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Consul at Rome during A.D. 91, with Trajan. He belonged to one of the noblest families of Rome, no fewer than nine of his name having held the consular office, the first being that Acilius Glabrio who was consul in A.U.C. 563 (191 B.C.), conquered the Macedonians at the battle of Thermopylae, and in whose honour the Temple of Piety, now the church of S. Nicola in Carcere, was erected. The family attained great wealth and power, and their gardens, in the early imperial period, covered the whole of what is now the Pincian Hill. The subject of the present memoir was put to death by Domitian in the year 95. Suetonius (Domit., c. x) tells us that the emperor caused several senators and ex-consuls to be executed on the charge of conspiring against the empire -- quasi molitores rerum novarum , "as contrivers of novelty" -- and among them he names "Acilius Glabrio, who had previously been banished from Rome ". The charge of "contriving novelties" seems in this particular case -- not, however, in the others which are mentioned with it -- to denote adhesion to the Christian religion. Dio Cassius (lxvii, 12, 14) tells us, as also does Juvenal (Sat., iv, 94), that, during his consulship and before his banishment, Glabrio was forced by Domitian to fight with a lion and two bears in the amphitheatre adjoining the emperor's villa at Albanum. This amphitheatre still exists, and was excavated in 1887. It is partly hollowed out of the side of the mountain, and commands a remarkable view. Xiphilinus, speaking of the executions of 95, says that some members of the imperial family and other persons of importance were condemned for atheism, as having embraced "the customs and persuasions of the Jews ", that is, of course, the Christian Faith. Among these he mentions Clemens and Domitilla, of whose Christianity there is no doubt. Glabrio was involved in this trial and suffered under this indictment, so that we could have little doubt that he too was a Christian, even if we had not the archaeological evidence of which we shall now speak.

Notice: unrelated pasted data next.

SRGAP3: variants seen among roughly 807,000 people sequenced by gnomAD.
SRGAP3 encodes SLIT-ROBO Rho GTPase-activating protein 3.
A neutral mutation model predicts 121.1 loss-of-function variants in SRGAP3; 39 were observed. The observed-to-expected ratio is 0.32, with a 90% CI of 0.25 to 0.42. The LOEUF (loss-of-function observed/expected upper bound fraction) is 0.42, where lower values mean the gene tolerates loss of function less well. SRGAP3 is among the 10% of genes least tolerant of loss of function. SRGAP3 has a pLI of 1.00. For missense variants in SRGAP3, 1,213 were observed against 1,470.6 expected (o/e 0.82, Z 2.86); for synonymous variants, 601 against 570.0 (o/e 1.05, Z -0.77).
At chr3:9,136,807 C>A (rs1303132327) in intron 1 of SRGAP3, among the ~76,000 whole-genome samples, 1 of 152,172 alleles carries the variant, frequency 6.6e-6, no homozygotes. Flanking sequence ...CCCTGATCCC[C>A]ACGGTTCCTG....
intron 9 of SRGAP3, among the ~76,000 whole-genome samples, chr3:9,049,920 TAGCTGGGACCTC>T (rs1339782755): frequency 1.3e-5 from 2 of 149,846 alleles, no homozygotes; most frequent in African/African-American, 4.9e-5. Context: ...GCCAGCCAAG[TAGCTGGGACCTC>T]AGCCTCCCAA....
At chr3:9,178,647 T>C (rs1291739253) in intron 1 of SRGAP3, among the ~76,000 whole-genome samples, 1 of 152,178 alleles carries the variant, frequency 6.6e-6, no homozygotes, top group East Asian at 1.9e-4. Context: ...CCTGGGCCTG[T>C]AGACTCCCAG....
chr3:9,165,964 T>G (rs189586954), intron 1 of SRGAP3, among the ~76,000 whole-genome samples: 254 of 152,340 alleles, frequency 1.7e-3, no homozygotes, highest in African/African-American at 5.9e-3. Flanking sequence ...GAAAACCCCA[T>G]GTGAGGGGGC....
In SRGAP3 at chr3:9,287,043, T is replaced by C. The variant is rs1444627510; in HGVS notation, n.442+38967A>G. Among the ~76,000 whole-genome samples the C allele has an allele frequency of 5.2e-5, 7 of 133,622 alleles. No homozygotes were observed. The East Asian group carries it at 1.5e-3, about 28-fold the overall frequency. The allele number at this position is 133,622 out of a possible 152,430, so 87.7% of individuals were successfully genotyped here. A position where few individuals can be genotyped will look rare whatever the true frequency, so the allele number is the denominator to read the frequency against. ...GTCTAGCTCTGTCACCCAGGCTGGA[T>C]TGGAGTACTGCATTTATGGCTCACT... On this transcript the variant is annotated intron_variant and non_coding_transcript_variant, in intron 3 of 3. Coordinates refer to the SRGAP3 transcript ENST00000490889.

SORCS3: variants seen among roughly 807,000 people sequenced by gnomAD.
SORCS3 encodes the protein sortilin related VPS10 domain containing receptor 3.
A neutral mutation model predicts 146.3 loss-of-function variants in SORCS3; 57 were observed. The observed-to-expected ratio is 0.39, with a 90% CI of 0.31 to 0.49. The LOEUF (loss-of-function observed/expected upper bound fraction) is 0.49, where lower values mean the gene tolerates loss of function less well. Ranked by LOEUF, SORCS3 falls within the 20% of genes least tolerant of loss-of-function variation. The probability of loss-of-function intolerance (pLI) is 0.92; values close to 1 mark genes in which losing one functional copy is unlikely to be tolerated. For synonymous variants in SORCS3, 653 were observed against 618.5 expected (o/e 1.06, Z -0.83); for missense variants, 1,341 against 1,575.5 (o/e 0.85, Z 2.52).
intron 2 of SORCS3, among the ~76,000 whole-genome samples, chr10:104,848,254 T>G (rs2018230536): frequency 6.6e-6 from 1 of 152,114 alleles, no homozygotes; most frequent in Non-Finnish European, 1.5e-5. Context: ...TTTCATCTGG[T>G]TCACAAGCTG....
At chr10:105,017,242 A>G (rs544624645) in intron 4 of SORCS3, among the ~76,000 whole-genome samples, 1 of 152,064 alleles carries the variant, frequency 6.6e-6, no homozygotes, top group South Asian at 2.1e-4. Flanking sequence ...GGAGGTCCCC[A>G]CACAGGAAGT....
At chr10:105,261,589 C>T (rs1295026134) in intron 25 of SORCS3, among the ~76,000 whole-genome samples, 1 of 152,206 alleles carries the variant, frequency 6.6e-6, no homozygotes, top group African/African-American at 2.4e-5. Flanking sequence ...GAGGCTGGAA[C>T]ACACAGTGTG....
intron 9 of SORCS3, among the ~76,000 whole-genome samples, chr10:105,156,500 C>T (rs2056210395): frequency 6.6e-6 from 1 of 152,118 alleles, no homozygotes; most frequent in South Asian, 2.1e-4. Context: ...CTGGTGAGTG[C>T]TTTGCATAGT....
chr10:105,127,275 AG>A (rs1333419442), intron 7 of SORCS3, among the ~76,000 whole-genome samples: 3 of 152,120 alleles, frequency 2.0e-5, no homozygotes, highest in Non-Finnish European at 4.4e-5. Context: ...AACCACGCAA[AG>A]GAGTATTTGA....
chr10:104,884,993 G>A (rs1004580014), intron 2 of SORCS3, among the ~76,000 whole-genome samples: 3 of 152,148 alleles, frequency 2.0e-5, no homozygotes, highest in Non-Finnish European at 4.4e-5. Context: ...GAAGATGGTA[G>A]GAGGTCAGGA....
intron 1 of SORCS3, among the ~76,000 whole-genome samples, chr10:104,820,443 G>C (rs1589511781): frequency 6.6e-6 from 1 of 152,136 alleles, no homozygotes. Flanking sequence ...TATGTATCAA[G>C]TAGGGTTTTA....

Glabrio was put to death in his place of exile, concerning the location of which we have no knowledge. But his body was brought to Rome, and buried on the Via Salaria, in the catacomb of Priscilla. Here the crypt, in which he with many of his family and dependents was laid to rest, was discovered in 1888. Henceforth there can be no doubt of his religion, or concerning the cause of his execution. Unfortunately, the crypt had been wrecked by treasure-seekers, the date of whose vandalistic action can be fixed as the time of Clement VIII (1667-70). The hypogaeum was of very unusual form, consisting of a single large ambulacrum or "cryptoporticus in gamma", that is turned at right angles with its own staircase. The places for tombs were all large "arcosolia", or niches for sarcophagi; there was not a single loculus of the usual cemeterial pattern in the walls. At the end of the longer arm of the gamma a passage was opened into a large hall, nine yards by four and a half, barrel-vaulted and with a square "lucernarium", which had apparently originally been a cistern for water. It had contained an altar, raised over a tomb, with spiral columns of giallo antico, and was at one time beautifully decorated, but had been entirely wrecked. In it, however, were found fragments of a marble sarcophagus, with the inscription ACILIO GLABRIO . . . FILIO still legible. Other fragments were afterwards discovered, which placed it beyond doubt that here was a burying-place of the Acilian family, round one of their race who apparently had been a martyr. The lettering of the chief inscription being of the time of Domitian or thereabouts, and the fact that the hypogaeum itself belongs to the earliest age of Christianity, is sufficient to enable us to feel certain that we have here the tomb of the famous consul. The date and the circumstances connected with the translation of his relics to Rome from the place where he suffered are not known.


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